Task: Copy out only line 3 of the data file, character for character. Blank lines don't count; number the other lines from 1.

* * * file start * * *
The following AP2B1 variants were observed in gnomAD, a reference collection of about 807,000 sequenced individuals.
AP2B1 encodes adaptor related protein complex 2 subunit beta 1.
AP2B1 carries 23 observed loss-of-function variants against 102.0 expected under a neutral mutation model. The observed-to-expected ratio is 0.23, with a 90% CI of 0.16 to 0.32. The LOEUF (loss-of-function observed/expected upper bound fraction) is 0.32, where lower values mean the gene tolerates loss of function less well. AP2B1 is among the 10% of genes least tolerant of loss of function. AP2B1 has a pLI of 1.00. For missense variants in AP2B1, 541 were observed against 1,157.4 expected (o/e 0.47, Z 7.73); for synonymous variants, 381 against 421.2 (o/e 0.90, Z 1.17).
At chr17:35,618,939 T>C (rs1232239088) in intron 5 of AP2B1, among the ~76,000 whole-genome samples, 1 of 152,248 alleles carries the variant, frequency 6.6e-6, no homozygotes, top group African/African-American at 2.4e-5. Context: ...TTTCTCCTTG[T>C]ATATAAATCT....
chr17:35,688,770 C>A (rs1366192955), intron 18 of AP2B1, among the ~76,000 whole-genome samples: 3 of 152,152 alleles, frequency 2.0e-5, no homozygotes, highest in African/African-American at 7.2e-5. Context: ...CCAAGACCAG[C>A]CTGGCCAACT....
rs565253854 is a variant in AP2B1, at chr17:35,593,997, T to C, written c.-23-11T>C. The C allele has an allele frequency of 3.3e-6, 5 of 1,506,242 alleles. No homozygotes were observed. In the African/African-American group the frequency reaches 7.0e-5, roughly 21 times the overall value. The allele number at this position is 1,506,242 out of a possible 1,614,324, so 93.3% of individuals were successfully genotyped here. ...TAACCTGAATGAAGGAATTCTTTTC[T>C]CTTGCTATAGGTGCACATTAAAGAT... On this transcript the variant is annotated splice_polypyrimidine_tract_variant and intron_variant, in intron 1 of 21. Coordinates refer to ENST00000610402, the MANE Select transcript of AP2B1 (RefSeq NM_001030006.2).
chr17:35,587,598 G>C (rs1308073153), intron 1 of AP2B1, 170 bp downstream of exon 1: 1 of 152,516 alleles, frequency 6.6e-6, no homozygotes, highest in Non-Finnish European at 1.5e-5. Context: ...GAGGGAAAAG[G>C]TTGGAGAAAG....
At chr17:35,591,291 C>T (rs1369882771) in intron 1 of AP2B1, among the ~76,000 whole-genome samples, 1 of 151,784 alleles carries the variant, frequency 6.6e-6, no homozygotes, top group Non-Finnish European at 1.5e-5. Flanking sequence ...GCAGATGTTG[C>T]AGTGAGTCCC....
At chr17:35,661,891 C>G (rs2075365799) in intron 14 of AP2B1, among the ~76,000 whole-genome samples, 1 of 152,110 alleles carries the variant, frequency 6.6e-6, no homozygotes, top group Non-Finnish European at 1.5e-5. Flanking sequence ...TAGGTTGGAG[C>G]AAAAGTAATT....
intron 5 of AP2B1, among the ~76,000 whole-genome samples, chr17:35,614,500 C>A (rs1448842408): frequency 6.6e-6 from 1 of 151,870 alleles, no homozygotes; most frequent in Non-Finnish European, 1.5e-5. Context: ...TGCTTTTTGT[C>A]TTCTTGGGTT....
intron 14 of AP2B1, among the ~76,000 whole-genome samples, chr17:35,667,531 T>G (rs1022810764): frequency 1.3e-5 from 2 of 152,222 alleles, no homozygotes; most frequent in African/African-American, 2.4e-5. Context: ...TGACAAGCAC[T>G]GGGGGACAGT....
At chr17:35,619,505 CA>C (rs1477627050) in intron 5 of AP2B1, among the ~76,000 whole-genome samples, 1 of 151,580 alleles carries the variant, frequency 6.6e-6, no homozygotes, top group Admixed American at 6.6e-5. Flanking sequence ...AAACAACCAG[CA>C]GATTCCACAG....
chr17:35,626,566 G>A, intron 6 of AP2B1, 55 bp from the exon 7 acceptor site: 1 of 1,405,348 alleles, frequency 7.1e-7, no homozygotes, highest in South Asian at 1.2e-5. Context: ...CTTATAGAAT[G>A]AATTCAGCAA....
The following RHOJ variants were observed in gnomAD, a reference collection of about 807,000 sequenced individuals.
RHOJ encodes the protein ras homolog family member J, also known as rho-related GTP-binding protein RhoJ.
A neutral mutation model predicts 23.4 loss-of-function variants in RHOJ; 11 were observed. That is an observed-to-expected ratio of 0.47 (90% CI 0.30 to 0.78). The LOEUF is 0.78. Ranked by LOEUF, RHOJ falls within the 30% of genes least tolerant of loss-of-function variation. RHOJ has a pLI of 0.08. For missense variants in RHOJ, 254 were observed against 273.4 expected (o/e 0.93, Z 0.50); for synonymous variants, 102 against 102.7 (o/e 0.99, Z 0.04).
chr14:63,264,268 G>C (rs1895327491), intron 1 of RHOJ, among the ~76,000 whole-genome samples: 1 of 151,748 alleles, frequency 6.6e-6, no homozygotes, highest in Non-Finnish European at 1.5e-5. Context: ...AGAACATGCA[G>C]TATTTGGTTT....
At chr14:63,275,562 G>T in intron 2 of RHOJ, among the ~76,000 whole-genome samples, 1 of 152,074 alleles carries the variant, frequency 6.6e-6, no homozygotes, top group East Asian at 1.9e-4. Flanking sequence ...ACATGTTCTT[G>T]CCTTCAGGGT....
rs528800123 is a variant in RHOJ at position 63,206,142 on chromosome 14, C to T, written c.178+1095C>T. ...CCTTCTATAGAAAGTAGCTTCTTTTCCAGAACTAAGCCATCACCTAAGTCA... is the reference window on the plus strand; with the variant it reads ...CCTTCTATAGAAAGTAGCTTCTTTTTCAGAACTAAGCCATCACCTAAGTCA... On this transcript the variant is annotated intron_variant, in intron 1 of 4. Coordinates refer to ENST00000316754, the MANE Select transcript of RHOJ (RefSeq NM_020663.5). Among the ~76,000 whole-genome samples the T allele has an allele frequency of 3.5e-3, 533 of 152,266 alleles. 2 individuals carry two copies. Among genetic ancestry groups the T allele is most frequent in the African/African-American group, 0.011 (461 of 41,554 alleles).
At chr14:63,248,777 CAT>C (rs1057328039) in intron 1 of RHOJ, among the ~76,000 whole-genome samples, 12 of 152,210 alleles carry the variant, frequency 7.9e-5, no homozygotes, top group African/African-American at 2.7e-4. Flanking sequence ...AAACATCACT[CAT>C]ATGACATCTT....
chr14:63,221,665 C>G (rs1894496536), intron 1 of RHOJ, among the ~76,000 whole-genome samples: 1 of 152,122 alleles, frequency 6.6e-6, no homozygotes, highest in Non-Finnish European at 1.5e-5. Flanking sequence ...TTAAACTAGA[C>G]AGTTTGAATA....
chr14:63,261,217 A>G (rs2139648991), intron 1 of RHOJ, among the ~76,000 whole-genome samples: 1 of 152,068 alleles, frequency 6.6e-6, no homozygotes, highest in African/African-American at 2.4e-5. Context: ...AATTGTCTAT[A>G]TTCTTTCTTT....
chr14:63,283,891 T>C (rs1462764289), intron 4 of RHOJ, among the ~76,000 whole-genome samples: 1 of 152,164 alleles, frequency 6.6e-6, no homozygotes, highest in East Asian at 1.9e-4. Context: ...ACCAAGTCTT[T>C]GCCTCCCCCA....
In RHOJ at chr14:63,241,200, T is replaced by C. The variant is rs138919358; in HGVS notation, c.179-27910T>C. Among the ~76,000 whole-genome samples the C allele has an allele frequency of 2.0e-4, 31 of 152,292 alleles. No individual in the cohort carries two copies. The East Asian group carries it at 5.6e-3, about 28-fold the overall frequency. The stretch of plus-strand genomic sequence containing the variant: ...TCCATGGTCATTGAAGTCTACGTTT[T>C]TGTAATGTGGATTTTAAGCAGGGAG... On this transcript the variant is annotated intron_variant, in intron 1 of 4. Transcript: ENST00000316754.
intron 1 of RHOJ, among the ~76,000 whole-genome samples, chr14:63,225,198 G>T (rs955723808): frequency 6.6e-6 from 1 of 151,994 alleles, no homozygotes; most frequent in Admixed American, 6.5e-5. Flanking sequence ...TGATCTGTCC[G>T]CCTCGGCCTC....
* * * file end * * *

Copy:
AP2B1 carries 23 observed loss-of-function variants against 102.0 expected under a neutral mutation model. The observed-to-expected ratio is 0.23, with a 90% CI of 0.16 to 0.32. The LOEUF (loss-of-function observed/expected upper bound fraction) is 0.32, where lower values mean the gene tolerates loss of function less well. AP2B1 is among the 10% of genes least tolerant of loss of function. AP2B1 has a pLI of 1.00. For missense variants in AP2B1, 541 were observed against 1,157.4 expected (o/e 0.47, Z 7.73); for synonymous variants, 381 against 421.2 (o/e 0.90, Z 1.17).